Great universities value free expression. They also value civil discourse.
Those values, and the tension between them, were the focus as UB School of Law’s student chapter of the Federalist Society hosted an outspoken scholar who addressed “Free Speech on Campus: Remember When the University Was a Marketplace of Ideas?”
The Oct. 19 event brought to O’Brian Hall a University of Nebraska College of Law professor, Richard Duncan, who perceives a “censorship culture” at many American universities.
In many ways, Duncan said, universities reflect a broader American tension over speech that many find offensive. Support is wavering, he said, for the First Amendment’s guarantee of freedom of speech: “The strongest supporters of free speech are the oldest demographic, but 40 percent of millennials say that government should be able to prevent people from saying things that would offend minority groups.”
Duncan cited a litany of examples, from some of the best-regarded schools in the United States, of policies that he said have a chilling effect on the free expression of ideas. For one, he pointed to the University of California’s recommendation that faculty avoid using terminology that could be understood as “microaggressions.” That, he said, would include such statements as “There is only one race – the human race”; “I believe the most qualified person should get the job”; “America is a land of opportunity”; “Everyone can succeed in this society if they work hard enough”; and “Affirmative action is racist.”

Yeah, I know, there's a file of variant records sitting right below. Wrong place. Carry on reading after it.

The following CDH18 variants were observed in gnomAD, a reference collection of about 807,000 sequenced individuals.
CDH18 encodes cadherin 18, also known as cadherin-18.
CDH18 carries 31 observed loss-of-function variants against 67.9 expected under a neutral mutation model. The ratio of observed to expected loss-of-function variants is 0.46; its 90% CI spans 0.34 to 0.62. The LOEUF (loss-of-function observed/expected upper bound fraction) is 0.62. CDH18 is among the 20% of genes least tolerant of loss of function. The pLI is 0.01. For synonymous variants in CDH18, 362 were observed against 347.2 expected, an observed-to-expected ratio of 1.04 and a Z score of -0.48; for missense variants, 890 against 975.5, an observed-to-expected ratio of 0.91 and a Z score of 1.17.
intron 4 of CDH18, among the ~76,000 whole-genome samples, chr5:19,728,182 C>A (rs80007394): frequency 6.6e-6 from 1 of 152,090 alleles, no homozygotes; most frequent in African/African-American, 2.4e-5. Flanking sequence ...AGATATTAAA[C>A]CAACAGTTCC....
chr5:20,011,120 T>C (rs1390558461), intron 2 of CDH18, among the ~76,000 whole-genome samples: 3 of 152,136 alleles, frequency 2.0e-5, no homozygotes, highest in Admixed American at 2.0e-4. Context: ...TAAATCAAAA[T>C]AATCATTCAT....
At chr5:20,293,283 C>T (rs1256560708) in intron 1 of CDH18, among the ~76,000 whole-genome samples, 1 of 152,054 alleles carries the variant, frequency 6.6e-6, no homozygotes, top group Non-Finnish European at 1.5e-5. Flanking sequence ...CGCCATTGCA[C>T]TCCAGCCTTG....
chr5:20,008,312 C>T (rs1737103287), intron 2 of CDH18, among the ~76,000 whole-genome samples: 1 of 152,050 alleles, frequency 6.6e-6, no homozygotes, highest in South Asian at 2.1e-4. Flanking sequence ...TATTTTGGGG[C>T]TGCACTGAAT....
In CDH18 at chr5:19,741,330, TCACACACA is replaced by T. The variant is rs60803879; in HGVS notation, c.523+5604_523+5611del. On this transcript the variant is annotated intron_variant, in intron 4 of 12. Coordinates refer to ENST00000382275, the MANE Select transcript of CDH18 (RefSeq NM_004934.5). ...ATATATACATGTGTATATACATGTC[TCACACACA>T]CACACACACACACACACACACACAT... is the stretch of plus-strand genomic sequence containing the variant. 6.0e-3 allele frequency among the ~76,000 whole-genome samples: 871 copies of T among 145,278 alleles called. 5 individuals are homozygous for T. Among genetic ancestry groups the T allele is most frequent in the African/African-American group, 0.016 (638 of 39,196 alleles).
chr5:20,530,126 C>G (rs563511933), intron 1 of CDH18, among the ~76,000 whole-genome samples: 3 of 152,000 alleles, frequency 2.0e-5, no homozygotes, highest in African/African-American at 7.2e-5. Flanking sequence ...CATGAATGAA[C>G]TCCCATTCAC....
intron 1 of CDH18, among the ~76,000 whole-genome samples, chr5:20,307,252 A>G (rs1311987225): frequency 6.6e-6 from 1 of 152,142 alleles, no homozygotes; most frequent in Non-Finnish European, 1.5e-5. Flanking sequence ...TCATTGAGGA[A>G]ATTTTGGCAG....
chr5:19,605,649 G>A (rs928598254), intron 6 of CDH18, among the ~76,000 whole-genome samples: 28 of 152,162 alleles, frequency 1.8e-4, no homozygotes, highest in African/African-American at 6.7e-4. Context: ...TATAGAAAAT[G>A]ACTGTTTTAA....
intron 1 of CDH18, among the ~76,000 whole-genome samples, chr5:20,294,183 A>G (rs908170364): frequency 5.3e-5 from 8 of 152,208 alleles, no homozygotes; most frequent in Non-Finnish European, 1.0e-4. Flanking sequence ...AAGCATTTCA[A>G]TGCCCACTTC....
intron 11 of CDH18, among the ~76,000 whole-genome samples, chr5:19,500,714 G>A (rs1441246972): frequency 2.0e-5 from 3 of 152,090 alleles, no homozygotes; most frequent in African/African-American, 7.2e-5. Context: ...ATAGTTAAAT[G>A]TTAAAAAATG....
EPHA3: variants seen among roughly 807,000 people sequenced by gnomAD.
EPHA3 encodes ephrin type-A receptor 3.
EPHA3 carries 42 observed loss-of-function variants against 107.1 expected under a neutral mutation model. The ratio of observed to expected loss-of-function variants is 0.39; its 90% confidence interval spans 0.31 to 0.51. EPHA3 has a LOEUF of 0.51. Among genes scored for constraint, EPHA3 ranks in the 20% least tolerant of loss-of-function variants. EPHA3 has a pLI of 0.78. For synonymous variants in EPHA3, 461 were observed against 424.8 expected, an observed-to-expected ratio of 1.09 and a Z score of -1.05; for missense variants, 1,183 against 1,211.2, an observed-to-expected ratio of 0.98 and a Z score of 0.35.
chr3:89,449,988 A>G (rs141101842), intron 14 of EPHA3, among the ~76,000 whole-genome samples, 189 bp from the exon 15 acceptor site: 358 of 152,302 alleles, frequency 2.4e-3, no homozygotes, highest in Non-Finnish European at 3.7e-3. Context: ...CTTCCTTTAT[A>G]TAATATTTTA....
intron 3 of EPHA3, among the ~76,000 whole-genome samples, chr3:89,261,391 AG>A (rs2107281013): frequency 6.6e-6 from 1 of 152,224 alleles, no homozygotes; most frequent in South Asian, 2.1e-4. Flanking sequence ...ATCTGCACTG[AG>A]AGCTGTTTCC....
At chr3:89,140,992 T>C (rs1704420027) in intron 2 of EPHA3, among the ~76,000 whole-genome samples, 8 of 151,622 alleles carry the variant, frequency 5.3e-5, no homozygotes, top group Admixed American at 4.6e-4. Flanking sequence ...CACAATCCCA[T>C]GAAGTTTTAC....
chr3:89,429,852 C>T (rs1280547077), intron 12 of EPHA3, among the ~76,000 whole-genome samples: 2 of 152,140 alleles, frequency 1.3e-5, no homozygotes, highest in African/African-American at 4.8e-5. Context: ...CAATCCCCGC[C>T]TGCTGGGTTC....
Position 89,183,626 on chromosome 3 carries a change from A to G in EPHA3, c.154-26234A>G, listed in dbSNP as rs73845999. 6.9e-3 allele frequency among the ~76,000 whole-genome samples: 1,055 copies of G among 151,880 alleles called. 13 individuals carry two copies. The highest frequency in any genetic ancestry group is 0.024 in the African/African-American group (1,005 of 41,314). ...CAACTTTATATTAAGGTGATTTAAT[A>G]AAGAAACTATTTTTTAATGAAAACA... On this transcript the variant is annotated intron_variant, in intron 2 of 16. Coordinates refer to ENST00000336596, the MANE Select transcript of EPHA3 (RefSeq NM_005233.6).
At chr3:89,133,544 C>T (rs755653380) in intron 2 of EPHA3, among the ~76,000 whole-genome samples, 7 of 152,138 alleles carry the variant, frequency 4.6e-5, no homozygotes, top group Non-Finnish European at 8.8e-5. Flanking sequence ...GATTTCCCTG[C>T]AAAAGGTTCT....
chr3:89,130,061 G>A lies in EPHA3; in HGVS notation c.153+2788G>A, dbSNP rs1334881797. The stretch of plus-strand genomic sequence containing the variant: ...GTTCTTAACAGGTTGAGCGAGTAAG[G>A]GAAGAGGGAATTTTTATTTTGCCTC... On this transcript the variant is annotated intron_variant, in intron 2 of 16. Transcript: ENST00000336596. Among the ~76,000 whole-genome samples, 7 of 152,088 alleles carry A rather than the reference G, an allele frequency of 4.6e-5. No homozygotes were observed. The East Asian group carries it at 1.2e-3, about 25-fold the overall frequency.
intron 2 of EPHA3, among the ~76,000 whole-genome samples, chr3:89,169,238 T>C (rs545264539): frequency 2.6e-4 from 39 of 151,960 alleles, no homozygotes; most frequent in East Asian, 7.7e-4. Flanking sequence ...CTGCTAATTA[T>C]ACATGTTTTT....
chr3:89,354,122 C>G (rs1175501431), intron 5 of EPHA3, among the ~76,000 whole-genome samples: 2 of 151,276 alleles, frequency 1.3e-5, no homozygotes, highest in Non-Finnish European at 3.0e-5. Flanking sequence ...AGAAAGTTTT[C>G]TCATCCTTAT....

The university’s policy, he noted, is only a recommendation. “But if you’re a young professor or a graduate assistant, you may well self-censor to stay out of trouble with the powers that be,” Duncan said. “The result is that only one side of the issue can be expressed openly in the classroom. This is indoctrination, not education.” He detailed several other instances of “free speech under attack,” saying, “Every day there’s another case of censorship on campus.”
Duncan also proposed a handful of reforms. Among them, he suggested that schools teach the value of free speech along with multiculturalism and diversity; appoint a vice chancellor for free speech and religious liberty, “someone whose job it is to promote free speech”; and require incoming students to take a course in free speech.
Associate Professor Matthew Steilen, who was invited to act as a respondent, noted that the proposition that the First Amendment creates a “marketplace of ideas” is not the original conception, but rather a 20th century judicial invention by U.S. Supreme Justice Oliver Wendell Holmes. Originally, he said, universities were “in service of preparing religious and government leaders. Because they had that mission, they tended to control much more invasively the conduct and speech of people on campus.
“You have to be clear about what a university is trying to do,” Steilen said. “As Robert Post has argued, the principal aim of universities is to produce knowledge. A marketplace of ideas doesn’t produce knowledge. What produces knowledge is disciplines.” For example, he said, in a university history department, “There is a methodology of doing good history, and that constrains speech. We know that the best way to produce knowledge is not to say whatever comes to your mind, but to constrain speech in a way that produces truth.”
The question for free speech, he said, is what speech enhances that goal and what speech undermines it?
From that perspective, Steilen said, “speech that is fundamentally inconsistent with the equal participation of people in the knowledge-finding process is out of line. Speech that has no role or value in either the production of knowledge or the formation of a community that sustains the production of knowledge need not be protected as a constitutional protection. Because the university is not just an open playing field – it’s a special institution.”